Wednesday, November 13, 2013


We are finally settling into some sort of a routine.  And some days I even feel like a person!  I no longer dread each feeding and I am only pumping a handful of times after they nurse each day, giving me so much more time to spend with them.  We now try to play a little, which is just adorable to watch.  And then we attempt naps, which are successful about 10% of the time.  But at least I get to shower about every other day now!  And each week is better than the week before.  I love watching the boys develop personalities and learning how to comfort each of them.

I was up last night for several hours after the boys' middle of the night feeding thinking about where all we have been and what we have been through this past year.  From giving birth and watching our daughter taken away to bedrest and hospital stays to home.  And I am just amazed an in awe of what God has done for us.  Losing Reagan was the most horrific thing I could imagine.  To know your daughter, name her and have her room all picked out, to feel her kicking, and then be told suddenly she was gone.  You don't just recover from that in a month or two.  It changes you.  And it makes me sad that some people just cannot deal with that or understand our need to grieve both then and still now.  But God used Reagan to reach so many, to mend relationships, to strengthen friendships, to teach people about Him.  And we are so blessed for that, for all those who shared how much she changed them.  Because who can say that about a child so young?

And she paved the way for her younger brothers, healed the endometriosis that was rampant in my abdomen.  There were so many times during that pregnancy we thought we had lost the boys.  I still vividly remember the nurse in the hospital telling me my water was breaking back when they were only at 8 weeks.  We mentally said goodbye and started grieving again until the ultrasound proved God was bigger than any symptoms.  The specialist then told us just a few weeks later that we needed to prepare for the inevitable.  He did not believe the babies would make it.  But they did!  And when I went into labor at 21 weeks, the admitting doc told me that following week he did not think I would make it through that night.  But we did, and made it another 6 weeks after that.  God carried these babies through the worse of situations.  They are truly little miracles that no one thought would make it through.  I am just amazed at how big God is.  And how quickly I forget.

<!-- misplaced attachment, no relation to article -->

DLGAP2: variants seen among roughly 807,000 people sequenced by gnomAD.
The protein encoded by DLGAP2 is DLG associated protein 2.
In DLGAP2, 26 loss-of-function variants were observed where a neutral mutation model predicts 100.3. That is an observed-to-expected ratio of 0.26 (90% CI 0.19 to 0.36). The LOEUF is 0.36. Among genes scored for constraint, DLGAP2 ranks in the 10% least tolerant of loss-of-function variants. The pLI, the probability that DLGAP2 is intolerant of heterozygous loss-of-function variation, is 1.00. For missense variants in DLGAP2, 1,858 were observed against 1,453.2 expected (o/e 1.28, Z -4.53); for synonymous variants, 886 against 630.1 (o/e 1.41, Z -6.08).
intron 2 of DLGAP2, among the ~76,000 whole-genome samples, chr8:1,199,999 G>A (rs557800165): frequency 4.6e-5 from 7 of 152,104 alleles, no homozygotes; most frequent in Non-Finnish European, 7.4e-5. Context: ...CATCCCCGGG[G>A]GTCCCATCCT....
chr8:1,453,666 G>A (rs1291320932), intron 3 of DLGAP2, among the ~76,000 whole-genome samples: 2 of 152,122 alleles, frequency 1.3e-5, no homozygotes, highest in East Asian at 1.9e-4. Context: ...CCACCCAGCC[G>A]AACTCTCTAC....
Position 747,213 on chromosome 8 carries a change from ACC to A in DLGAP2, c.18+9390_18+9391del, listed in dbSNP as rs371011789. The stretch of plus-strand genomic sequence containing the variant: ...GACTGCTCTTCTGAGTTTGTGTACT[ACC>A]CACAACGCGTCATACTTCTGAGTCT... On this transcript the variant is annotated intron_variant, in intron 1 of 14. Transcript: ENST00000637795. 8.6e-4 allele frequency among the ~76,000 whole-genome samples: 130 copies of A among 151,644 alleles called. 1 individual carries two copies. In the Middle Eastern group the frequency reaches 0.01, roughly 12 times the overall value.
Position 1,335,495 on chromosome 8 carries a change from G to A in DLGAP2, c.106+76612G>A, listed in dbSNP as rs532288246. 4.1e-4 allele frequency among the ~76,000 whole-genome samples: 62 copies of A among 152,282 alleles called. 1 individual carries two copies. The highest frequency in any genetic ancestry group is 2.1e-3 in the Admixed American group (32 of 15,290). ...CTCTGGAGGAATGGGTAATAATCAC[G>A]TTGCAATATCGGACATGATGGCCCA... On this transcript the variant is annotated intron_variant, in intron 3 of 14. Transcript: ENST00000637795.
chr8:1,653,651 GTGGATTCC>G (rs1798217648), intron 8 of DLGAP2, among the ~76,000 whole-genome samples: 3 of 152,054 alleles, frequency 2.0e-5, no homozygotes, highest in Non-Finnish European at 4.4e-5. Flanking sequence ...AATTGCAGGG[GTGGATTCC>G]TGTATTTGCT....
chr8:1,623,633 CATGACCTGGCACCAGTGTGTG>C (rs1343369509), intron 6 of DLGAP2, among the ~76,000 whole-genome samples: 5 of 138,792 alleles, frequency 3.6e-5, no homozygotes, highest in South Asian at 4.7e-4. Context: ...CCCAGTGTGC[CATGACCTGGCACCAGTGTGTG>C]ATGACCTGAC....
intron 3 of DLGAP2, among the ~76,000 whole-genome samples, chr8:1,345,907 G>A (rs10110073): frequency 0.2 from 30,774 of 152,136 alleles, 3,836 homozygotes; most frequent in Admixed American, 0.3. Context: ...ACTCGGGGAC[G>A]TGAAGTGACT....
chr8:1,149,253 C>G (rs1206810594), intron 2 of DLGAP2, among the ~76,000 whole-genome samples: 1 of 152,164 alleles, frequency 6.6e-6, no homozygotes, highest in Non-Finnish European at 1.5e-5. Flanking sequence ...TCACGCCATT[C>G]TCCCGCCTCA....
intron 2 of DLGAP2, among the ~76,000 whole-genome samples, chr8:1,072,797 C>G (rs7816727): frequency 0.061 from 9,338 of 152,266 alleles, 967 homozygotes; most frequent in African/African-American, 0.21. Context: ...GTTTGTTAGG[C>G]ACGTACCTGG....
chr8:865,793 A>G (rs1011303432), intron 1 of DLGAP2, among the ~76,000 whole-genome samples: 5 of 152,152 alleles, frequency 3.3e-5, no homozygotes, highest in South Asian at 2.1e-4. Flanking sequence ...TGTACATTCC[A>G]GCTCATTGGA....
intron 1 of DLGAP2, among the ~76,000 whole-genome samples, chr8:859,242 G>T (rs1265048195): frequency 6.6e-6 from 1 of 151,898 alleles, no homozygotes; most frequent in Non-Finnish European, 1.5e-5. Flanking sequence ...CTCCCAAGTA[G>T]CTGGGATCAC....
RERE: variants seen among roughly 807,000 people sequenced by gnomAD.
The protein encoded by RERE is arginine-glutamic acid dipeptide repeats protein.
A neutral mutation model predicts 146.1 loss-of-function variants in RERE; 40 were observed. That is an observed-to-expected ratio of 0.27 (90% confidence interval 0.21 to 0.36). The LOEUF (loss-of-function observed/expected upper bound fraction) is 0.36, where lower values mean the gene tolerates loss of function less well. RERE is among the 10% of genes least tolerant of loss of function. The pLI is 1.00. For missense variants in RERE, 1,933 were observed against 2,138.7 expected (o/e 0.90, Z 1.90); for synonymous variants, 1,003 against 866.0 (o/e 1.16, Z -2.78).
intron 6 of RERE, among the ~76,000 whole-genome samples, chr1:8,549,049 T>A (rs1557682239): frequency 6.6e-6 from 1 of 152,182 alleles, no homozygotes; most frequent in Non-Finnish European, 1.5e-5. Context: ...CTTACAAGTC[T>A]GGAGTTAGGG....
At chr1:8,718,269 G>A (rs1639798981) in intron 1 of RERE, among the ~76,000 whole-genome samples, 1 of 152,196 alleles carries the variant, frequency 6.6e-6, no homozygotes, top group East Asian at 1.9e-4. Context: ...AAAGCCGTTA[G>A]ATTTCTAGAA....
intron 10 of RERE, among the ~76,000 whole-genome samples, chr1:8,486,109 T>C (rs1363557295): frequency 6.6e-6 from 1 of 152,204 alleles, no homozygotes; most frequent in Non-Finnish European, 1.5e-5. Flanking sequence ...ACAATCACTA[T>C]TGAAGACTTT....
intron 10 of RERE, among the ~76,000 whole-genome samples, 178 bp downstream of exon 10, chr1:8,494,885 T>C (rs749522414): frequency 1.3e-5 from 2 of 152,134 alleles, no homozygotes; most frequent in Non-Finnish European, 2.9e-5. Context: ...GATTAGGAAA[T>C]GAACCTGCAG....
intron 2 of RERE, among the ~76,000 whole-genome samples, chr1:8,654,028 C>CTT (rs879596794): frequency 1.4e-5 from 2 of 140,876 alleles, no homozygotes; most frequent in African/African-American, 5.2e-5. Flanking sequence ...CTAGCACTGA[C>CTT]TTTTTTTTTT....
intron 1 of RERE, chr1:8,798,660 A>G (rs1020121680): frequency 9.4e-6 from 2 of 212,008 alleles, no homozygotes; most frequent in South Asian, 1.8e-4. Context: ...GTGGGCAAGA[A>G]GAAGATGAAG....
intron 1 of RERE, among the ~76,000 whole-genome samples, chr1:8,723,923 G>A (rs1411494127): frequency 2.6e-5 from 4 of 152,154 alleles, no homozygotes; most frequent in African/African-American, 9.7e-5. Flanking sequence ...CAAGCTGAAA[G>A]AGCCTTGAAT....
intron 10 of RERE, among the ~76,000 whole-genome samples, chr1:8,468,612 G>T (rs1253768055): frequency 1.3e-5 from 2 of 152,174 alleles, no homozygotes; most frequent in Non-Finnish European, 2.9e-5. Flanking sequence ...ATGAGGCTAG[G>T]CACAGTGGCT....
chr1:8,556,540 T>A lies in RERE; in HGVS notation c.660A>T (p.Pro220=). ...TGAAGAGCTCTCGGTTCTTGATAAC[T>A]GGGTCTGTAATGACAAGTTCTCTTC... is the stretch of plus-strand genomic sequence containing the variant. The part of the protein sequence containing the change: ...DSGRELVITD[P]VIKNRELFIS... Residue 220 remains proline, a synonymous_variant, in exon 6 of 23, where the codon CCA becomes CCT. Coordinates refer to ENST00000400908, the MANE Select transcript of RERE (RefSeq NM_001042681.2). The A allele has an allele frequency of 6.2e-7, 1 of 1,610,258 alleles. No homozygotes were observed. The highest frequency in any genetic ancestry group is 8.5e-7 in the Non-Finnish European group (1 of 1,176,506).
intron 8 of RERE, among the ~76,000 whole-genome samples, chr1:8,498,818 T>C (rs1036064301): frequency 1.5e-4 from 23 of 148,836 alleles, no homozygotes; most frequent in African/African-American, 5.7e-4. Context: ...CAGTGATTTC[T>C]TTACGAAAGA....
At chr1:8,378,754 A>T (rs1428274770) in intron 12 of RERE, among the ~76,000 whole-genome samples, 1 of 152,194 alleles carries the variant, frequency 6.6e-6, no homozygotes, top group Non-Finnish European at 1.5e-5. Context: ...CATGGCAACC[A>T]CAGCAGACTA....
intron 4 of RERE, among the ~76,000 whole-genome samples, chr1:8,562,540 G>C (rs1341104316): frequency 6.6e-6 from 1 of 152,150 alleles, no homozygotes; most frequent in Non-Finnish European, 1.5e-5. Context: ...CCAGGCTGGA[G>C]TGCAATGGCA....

Last Thanksgiving was tough.  I said to Andrew that day that I felt as though I had nothing to be thankful for.  Our daughter was gone and everyone else was happily pregnant or caring for their newborns.  I felt like I had no where to turn - I couldn't tell these women how much pain it caused me to see them so happy when I felt like I was dying, couldn't figure out how to put into words that I was happy for them to have that but devastated I didn't, and I lost a lot of friendship because of that...which only made the pain harder.  Last year I had hope only in knowing that Reagan was in heaven and we would be reunited one day.  And this year?  This year we have so much to be thankful for.  As I move further away from Reagan's birth, I can be thankful for each and every day with her and the time together in the hospital.  I can celebrate her life, our firstborn child.  And I can be thankful we serve a God who is bigger than all circumstances and can bring peace no matter what.  I am also thankful for Warren and Dean, for the joy the bring me - the little smiles and giggles, the baby sighs, how they lay their heads on my chest and just snuggle in to sleep.

At times it is easy for me to have myself a little pity think of all we've lost, the life I once had.  To feel trapped in the house, unable to go out because of the boys' mandatory isolation.  I went from menopause to morning sickness to grieving to bedrest to hospital and now isolation.  It's been a long 2 years, a lonely 2 years.  And there are 5 more months ahead of me before that will change.  Some days I dwell on that and think how unfair it all is.  But then I think about everything above, remind myself this season is temporary, and am thankful once again.

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